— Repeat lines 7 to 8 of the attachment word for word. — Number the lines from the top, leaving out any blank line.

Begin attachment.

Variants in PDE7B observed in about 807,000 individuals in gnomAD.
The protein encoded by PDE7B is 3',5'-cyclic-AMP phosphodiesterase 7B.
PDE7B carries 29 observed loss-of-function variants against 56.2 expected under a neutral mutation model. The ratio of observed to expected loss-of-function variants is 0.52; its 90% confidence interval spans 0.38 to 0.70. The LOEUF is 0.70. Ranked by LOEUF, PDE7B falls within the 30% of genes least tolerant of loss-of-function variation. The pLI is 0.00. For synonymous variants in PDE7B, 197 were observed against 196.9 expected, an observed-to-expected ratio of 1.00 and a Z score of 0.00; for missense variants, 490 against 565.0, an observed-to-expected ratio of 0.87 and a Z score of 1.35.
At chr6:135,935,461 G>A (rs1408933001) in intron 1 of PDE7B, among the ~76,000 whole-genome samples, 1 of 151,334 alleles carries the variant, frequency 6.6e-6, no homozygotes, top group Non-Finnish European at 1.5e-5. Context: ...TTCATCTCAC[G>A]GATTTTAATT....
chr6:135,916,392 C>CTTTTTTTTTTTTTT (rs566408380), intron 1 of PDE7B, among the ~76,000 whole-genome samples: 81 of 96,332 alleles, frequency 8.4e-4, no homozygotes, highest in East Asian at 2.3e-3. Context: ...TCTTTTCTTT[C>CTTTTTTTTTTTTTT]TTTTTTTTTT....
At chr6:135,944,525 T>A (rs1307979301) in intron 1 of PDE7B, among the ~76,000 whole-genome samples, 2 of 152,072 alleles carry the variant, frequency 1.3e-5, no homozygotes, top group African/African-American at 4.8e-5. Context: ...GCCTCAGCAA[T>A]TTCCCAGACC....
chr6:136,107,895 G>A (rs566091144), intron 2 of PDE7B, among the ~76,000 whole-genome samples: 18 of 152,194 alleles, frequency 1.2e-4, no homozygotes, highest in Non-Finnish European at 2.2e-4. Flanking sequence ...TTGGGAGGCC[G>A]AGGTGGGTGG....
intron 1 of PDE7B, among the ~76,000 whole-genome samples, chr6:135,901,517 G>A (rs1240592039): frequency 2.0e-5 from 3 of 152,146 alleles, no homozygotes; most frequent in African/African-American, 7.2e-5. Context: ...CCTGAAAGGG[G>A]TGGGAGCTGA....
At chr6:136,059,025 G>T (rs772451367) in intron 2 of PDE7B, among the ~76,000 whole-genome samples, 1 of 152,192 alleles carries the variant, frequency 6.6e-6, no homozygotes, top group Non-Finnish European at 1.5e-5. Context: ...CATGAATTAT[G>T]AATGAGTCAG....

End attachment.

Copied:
chr6:136,107,895 G>A (rs566091144), intron 2 of PDE7B, among the ~76,000 whole-genome samples: 18 of 152,194 alleles, frequency 1.2e-4, no homozygotes, highest in Non-Finnish European at 2.2e-4. Flanking sequence ...TTGGGAGGCC[G>A]AGGTGGGTGG....
intron 1 of PDE7B, among the ~76,000 whole-genome samples, chr6:135,901,517 G>A (rs1240592039): frequency 2.0e-5 from 3 of 152,146 alleles, no homozygotes; most frequent in African/African-American, 7.2e-5. Context: ...CCTGAAAGGG[G>A]TGGGAGCTGA....